After a couple of stressful meetings (which reminded me of the need for an entire consulting discipline termed Change Management), a reassuring dinner and finding out that my web server was being pounded into oblivion as a direct consequence of the Apple keynote, I settled down to mull the iPhone.
The server is still taking a pounding, but the elves are at work fixing things and this post should be public soon. This sort of thing happens on every Apple event, really, but it looks like this time some things got broken beyond immediate repair. My apologies.
Lots of people will ramble on about how there practically wasn't anything else on besides the iPhone and the iTV and how it affected their bingo scores, but I'd like to pick up something I wrote back in, oh, 2003 or so and which has remained during the many years of the iPhone saga -
"I personally find the notion of Apple doing a mobile phone somewhat ridiculous, since there is no clear intersection between the two target markets and there is already far too much bloat on phones. Furthermore, Apple would have to deal with a lot of regulatory (and technology) issues that are not part of their core business, and they would never be able to control the entire user experience from the moment they attached something to a carrier."
Like he himself put it, the killer app is making calls. And the iPhone (despite bringing nothing truly new in terms of call handling) makes it fun to make calls, very much like the iPod makes it fun to listen to music.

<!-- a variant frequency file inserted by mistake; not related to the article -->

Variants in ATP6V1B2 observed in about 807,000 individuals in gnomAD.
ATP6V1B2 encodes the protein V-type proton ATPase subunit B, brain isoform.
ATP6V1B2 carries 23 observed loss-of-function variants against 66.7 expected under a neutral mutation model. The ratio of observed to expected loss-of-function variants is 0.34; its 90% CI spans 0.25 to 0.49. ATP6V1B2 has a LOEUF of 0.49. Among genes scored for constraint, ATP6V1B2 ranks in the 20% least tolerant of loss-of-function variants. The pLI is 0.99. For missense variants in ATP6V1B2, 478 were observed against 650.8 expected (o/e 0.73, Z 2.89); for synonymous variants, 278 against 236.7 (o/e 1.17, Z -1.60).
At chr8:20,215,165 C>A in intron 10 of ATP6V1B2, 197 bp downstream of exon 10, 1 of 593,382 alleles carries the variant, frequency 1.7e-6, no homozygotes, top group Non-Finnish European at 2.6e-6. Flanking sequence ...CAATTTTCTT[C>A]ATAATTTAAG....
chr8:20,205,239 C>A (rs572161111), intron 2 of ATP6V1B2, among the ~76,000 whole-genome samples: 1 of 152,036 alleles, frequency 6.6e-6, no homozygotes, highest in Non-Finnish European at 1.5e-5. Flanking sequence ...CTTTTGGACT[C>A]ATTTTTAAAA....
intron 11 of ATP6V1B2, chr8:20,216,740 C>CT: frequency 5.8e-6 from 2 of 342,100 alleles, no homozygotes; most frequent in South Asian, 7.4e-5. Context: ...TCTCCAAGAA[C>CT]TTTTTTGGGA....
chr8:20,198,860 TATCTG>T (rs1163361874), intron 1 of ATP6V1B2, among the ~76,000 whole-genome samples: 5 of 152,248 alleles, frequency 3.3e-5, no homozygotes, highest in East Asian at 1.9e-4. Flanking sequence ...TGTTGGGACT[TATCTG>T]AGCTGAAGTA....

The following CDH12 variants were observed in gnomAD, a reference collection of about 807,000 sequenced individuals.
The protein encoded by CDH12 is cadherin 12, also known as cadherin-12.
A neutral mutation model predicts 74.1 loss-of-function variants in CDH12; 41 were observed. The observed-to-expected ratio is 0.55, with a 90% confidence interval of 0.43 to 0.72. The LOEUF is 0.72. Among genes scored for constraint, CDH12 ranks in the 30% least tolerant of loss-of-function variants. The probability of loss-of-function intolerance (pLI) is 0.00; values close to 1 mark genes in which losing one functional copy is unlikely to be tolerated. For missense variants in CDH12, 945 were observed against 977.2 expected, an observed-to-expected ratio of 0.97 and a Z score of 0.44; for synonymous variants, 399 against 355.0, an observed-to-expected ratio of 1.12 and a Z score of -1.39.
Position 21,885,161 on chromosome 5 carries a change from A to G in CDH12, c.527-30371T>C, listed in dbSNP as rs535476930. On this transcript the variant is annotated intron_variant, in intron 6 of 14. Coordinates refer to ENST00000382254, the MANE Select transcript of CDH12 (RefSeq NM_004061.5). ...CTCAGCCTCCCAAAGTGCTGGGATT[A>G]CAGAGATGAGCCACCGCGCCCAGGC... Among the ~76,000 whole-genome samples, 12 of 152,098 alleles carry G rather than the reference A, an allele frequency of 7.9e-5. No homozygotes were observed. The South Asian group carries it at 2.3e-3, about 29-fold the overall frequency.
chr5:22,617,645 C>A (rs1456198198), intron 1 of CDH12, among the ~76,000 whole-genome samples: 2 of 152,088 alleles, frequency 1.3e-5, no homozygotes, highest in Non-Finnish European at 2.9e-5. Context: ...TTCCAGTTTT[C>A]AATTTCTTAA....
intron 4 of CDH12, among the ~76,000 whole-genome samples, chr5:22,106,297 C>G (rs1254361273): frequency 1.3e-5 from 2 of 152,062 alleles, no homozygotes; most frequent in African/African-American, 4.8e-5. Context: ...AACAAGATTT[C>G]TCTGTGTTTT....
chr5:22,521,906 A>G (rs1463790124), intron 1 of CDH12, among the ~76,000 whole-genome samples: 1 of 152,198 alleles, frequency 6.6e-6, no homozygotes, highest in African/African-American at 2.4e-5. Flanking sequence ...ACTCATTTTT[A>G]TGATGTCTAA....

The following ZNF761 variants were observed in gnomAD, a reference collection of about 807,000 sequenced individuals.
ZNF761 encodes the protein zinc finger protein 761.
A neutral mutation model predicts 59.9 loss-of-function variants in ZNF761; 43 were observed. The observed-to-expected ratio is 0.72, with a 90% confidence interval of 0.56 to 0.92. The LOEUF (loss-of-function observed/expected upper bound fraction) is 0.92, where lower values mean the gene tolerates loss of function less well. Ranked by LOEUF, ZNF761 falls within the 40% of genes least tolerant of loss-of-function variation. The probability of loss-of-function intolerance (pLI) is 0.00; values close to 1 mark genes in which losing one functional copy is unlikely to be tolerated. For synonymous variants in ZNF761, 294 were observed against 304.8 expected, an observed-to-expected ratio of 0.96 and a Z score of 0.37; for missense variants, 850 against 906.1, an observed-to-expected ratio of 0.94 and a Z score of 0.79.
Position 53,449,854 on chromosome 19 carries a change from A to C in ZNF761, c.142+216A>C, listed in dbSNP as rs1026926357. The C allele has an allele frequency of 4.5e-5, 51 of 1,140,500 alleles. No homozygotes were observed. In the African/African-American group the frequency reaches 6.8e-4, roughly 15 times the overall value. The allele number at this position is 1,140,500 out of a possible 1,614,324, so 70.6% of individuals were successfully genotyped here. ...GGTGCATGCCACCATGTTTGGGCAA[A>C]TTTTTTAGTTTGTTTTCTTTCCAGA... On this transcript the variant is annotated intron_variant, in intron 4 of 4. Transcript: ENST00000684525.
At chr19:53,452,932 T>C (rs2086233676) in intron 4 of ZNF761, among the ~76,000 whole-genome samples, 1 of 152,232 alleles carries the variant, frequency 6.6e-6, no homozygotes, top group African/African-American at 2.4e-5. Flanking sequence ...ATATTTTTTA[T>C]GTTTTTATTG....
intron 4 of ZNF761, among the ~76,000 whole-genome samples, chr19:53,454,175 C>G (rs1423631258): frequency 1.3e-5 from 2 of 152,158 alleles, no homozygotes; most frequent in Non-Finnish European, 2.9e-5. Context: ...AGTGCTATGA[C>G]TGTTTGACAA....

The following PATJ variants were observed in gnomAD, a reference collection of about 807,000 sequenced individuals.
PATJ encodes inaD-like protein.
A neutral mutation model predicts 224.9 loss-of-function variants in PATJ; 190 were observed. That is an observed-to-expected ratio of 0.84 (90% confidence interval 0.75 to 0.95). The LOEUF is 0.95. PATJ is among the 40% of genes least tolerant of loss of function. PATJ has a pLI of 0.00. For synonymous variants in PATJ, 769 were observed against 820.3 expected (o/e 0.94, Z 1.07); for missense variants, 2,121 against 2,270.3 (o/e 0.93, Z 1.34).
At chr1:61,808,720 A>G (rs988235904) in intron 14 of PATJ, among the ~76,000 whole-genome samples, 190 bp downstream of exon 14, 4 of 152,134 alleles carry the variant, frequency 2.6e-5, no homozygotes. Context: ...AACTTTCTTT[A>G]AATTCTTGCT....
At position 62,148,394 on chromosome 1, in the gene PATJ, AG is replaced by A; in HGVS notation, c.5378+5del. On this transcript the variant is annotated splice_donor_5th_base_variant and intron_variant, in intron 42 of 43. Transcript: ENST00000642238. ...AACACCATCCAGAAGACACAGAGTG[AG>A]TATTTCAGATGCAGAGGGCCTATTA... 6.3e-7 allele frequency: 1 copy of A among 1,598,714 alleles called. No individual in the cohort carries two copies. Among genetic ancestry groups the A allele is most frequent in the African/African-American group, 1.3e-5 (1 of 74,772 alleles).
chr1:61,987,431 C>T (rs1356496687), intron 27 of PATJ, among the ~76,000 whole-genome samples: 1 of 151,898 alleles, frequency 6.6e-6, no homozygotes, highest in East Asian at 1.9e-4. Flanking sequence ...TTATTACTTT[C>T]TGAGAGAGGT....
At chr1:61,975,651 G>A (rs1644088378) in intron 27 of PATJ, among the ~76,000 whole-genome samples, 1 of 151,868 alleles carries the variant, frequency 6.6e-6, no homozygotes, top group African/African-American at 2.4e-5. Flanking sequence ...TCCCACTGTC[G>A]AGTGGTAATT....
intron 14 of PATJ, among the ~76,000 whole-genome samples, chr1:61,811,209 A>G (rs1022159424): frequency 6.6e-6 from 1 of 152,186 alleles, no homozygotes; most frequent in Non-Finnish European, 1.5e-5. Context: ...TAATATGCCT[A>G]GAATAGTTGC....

And believe me, ripples are spreading throughout the telco industry as a result of this. Every operator on the planet must be ringing up their local Apple contacts by tomorrow morning.
Furthermore, Apple has shown that they don't care about conventions. For instance, take trademarks. Even as I type this, more than a few people (including Om, who posted on it) have mentioned Cisco's, er... "previous ownership" of the brand name.
The Thing Itself
Again, Apple made the experience seamless. I won't go into the touch screen, or the mass of patents behind it, or the size and weight.
But I will state that I'm very grateful to them for finally delivering a major argument for having a headphone jack in a music phone. As in an industry argument, not the common sense "people want it" argument that I (and many others) have been defending for years. Now that Apple has done it on a phone, SonyEricsson and Nokia have to come to their senses - or else.
This might seem a minor thing for those people not into the mobile business, but believe me, it's a biggie to me and many others.
I'd love to have a plain USB connector too, but I understand having the iPod connector takes precedence (maybe someone will come up with a small adapter that saves me the trouble of carrying an iPod cable). And I love the Bluetooth headset accessory, too.
Safari knocks the socks off pretty much everything else right now (just as the Nokia WebKit browser did when it was introduced), so I won't go on about it except that say the screen rotation and zooming are something that I expect to see duplicated by a zillion wannabes, patents or not.